Amazon UK are taking an interesting approach introducing a Black Friday campaign to the UK market this year – Traditionally the UK has never really had such an event, perhaps an equivalent is the January sales. It’ll be interesting to see how successful it is for them, and if indeed the concept of ‘Black Friday’ is successful as a sales driver with the British public.
This easter sale email from Banana Republic puts a clever spin on the traditional sale email – the email contains a discount code, but it’s unclear how much that code will save you until you actually use it. Of course, it remains to be seen if there is any chance, or if all the codes simply redeem the same amount, but this is an interesting proposition and makes the email stand out.
Yesterday Apple launched their first batch of iPads (iPad 3G comes later this month) with this jumbo solus email. We’ve looked at Apple emails before, and true to form this looks great but throws some best practice caution to the wind – It weighs in 750px wide, it’s all images and there’s no useful alt-text, but it’s pretty striking nonetheless.
Valentines season is in full swing, with the big day less than two weeks away. Here’s some of the best looking Valentines day emails we’ve seen so far.
Edit – make that 9 – we’ve added the obligatory Tiffany’s email.
Hotel Chocolat Valentine’s Email
Swarovski Valentine’s Email
Net-A-Porter Valentine’s Email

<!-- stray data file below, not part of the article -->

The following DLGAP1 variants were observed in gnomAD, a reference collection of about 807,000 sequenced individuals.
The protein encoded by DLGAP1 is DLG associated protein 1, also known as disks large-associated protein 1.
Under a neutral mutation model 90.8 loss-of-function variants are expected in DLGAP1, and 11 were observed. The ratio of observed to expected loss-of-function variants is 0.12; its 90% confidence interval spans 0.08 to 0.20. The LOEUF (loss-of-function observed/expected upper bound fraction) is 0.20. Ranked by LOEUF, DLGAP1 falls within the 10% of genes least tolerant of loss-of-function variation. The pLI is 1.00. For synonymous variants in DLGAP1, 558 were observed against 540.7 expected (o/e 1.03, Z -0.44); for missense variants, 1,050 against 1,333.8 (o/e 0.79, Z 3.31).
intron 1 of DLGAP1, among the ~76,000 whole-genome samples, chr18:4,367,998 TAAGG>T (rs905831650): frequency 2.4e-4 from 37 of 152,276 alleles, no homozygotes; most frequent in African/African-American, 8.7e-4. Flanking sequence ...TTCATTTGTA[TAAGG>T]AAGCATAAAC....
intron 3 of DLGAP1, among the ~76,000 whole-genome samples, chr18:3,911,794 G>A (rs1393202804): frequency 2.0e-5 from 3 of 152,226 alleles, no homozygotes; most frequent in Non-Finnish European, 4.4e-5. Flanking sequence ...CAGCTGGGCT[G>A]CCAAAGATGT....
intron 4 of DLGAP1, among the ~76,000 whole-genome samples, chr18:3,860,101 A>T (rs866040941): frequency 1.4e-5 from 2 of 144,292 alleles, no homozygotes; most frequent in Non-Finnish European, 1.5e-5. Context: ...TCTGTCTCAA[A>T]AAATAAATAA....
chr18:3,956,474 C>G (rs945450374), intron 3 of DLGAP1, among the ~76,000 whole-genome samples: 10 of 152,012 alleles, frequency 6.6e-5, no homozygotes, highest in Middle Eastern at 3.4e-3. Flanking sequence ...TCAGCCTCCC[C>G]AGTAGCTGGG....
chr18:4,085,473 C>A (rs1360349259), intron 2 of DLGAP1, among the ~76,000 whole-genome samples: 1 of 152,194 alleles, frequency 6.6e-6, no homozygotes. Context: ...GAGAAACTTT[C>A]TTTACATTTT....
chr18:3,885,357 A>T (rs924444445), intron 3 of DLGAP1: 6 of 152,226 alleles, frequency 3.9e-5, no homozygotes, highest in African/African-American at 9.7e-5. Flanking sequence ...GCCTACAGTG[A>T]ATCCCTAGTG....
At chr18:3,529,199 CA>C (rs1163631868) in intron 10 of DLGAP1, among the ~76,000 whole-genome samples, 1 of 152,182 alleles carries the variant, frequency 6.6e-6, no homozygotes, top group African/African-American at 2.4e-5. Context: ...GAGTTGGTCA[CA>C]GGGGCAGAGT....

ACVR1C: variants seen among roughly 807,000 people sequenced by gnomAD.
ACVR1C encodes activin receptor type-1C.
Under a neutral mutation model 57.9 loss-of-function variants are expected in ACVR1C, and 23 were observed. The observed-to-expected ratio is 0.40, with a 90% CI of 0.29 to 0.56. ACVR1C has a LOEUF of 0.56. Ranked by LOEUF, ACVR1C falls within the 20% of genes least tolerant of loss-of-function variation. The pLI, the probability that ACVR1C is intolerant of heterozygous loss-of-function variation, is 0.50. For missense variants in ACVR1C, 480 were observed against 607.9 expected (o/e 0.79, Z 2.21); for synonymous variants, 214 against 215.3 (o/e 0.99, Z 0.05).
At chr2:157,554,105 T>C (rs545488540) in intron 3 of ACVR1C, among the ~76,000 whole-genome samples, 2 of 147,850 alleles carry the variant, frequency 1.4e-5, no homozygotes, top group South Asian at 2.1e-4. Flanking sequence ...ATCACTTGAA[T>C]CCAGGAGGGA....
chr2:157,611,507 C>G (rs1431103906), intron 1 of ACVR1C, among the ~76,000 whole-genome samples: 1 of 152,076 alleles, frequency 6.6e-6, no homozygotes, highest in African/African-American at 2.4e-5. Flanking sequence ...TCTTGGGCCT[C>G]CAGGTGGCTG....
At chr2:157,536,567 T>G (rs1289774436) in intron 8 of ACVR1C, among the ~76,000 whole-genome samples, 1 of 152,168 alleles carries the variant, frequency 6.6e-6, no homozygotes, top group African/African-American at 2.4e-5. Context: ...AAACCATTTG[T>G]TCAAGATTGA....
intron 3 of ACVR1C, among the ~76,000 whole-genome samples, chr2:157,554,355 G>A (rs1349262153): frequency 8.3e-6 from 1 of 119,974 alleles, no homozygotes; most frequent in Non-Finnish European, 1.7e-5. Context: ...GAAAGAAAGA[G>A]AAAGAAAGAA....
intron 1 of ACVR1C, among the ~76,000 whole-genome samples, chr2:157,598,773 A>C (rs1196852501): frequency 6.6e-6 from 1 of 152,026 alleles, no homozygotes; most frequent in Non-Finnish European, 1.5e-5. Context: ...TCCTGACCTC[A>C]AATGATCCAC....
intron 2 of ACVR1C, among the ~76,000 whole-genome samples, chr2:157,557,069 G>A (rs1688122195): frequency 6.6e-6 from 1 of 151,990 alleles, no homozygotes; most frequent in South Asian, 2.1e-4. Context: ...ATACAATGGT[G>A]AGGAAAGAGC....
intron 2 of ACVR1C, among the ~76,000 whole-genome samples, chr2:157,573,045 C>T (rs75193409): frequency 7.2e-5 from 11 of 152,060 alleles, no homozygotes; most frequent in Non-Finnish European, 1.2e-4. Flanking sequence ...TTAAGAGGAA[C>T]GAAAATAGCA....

Original Penguin Valentine’s Email
Harrods Valentine’s Newsletter
Daily Candy (London)
Bang & Olufsen February Newsletter
Apple iPod Touch Valentine’s Email
More Apple emails in our Apple email gallery.
Tiffany & Co Valentine’s Email
This newsletter design from UK fashion retailer next is chock full of little bits of best practice for retail emails.
The one line summary and quick call to action right at the top function well as a Johnson Box, plus they have the added benefit of showing up as text in the outlook preview box and in web clients such as Gmail. Adding the date in the top corner helps make feel like part of a sequence, and something to look out for each week.
It’s interesting to note that the “contents” style links in the hero area don’t link to different parts of the email, but click through to the site. As the various pages on the next website function well as landing pages, and contain similar content to the bulk of the email, this isn’t a big deal. The vertical menu is less commonplace in email marketing but works well here, and the design of the hero area ensures important information such as the company logo, introduction and key navigation all fall within both the horizontal and vertical preview panes.
Under the introduction area we have various sections detailing ranges of products for men, women, children etc. It would be relatively simple to custom publish this content based on the sex of the recipient, for example, however as many would be gift buying perhaps it’s prudent to include “irrelevant” content in this case.
Despite being rather image heavy, the mailing is sprinkled with web text links to the next site, which still render even when images are turned off.
The Christmas background pattern is a nice touch, and would be easy to switch out for different seasons and events.